Moto Magazine

3 x 2CVs

By Gardenamateur
If each country had to choose a car as its national ambassador, in the case of the French people themselves they would probably choose the Citroën DS, the 'Goddess', to project their sense of style and prestige. However, if you asked non-French people like me to make the choice of behalf of France, we'd probably pick this car, to represent France's quirky charm: the Citroën 2CV, the 'Deux Chevaux', the two-horsepower workhorse designed for the rural peasantry which proved to be exactly what a lot of city-dwellers wanted, too.

3 x 2CVs

Here's one doing the shopping at the local village grocer's shop. This model with the red
and black colour scheme was called the Charleston, and I had to get one of those in
1:43 scale, as it's the only 2CV I have driven. In London, quite a while ago. I was thinking of
buying it to use as my 'travel around Europe in a car on my own' car. But it just didn't feel
comfortably up to all that long mileage, and so I bought a second-hand Citroen GS Club
instead. It handled its assignment well, but even it was a bit of a snail on theGerman
autobhans, with all those Porsches and BMWs whizzing by.I can't imagine how slow a
2CV would have been on an autobhan (but I would have stuck to the back roads if I had
a 2CV). This model is by Altaya, and they've captured the 2CV's charm quite well.

3 x 2CVs

Having just one 2CV in my diecast cabinet wouldn't do, and the delightful 2CV van from
the Michelin series of cars put out by IXO was irresistible.I've plonked it on my faux
cobblestone road outside a suitably grimy garage.

3 x 2CVs

And for my final diorama, and 2CV model, I have placed the 1939 Prototype out in the
French countryside, being put through its paces as a suitable workhorse for France's rural
community. Legend has it that the original design brief to Pierre-Jules Boulanger, the
designer of the 2CV, was for the proposed car to drive 100kg of farm goods to market at
60km/h, across muddy paved roads. Furthermore, it had to be able to cross a ploughed
field without breaking any of the eggs it was carrying on its front seat. And so here is
the wonderful prototype, with its cyclops-eye single headlight,doing just that – crossing
the field without making an omelette of the job. This little 1:43 model by Norev has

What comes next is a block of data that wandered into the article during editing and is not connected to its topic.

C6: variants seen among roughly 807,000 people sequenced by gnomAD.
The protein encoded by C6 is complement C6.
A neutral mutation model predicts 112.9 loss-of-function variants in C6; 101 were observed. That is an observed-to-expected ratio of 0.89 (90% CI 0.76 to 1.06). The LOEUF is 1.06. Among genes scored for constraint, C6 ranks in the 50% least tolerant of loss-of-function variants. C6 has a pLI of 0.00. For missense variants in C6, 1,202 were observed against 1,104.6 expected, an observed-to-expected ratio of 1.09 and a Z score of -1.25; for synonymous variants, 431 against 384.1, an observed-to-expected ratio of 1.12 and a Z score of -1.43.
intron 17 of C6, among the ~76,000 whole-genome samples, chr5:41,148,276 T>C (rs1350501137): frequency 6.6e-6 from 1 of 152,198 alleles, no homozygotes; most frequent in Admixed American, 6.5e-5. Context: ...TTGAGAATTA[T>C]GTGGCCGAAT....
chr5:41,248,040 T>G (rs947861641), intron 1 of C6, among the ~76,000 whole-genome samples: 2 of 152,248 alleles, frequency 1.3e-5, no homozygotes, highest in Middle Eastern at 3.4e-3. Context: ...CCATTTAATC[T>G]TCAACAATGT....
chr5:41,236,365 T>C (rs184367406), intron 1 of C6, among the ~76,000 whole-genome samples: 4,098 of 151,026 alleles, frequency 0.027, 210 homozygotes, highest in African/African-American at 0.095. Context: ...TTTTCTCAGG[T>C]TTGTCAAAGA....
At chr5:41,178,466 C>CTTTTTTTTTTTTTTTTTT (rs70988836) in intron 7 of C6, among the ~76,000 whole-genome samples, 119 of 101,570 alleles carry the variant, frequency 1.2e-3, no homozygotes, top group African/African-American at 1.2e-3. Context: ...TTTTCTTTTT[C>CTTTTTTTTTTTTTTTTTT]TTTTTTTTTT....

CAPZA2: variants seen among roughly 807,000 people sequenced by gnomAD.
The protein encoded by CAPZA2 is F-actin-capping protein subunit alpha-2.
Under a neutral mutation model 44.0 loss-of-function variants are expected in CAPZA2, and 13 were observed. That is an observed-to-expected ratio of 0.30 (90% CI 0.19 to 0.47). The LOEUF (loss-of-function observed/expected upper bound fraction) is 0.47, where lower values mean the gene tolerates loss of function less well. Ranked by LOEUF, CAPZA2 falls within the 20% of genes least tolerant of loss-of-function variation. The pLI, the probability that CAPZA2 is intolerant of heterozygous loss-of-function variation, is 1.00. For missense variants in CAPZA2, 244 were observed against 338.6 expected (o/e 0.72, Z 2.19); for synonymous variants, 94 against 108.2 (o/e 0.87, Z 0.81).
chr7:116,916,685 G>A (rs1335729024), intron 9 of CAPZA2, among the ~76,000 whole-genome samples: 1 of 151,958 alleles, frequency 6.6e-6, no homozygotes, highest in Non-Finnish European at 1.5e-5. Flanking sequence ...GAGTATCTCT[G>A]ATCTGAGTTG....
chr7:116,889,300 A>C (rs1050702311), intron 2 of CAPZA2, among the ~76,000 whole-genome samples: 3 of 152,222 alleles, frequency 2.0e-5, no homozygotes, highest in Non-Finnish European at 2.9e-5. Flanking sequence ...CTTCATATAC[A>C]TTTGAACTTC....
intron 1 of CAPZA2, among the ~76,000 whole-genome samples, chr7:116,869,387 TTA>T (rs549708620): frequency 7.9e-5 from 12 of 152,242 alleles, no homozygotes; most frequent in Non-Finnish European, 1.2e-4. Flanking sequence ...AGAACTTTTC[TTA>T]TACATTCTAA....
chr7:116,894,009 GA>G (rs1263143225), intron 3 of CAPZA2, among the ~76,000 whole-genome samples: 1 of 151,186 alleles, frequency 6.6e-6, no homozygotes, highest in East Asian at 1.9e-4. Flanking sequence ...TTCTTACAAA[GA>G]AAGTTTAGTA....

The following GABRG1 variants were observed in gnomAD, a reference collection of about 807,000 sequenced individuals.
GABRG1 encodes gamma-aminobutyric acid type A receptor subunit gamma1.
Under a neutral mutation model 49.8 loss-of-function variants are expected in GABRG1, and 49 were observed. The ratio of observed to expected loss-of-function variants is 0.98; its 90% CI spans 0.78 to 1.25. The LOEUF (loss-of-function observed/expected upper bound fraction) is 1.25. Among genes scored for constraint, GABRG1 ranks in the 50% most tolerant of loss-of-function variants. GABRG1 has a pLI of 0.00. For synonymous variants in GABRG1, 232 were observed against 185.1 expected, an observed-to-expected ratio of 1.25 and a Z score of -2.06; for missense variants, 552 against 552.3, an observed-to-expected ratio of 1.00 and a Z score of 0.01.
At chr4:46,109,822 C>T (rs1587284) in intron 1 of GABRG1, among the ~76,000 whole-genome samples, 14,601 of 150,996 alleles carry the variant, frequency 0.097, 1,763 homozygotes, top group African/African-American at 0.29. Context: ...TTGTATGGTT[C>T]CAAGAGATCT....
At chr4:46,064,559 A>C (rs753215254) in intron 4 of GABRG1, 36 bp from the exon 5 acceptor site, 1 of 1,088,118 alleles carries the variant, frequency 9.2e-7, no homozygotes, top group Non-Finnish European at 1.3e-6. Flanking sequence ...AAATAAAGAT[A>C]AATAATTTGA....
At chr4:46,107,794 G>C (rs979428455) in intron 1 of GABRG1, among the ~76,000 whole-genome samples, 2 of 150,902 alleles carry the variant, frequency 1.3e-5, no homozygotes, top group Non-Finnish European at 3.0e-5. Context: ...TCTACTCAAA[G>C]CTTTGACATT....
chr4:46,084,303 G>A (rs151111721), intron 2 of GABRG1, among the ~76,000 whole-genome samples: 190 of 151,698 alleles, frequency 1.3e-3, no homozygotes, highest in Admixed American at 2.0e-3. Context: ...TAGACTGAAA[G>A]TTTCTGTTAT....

a wonky roof canvas that never stays flat, but I'll forgive it that blemish, as all
prototypes are a bit rough around the edges, aren't they?

Just a little bit of 2CV history, if you don't mind, just the bare basics. Produced from 1948 through to 1990, a short production run of a mere 42 years,  3.87 million 2CVs were made, plus another 1.2 million 2CV delivery vans. And that's not to mention the 3.68 million variants such as the Ami, Diane, Acadiene and Mehari. Grand total of 8.75 million cars. A successful design, then. Little air-cooled flat twin motors all the way, starting off a 375cc engine and ending up with a mighty 602cc powerplant in the end. Always a four-speed manual. And a wonderful, long-travel, soft suspension that literally could cope with anything.
All of this info I sort-of knew already, but the Wikipedia page on the 2CV does the little car proud, so if you want to read more about them, head there. However, to finish off this little homage to the 2CV I like to show you one in action. There are lots of 2CV videos on You Tube, of course. These cars are irresistibly photogenic and telegenic. There's one video about the famous legend that you can't roll a 2CV on a flat piece of road. Going forwards, that's true, but going backwards, it's not. You can watch that spoilsport one here.
However, I have no interest in trashing 2CVs. I just like to see them happy, doing what they so charmingly do, bouncing along on that suspension, crossing open fields.


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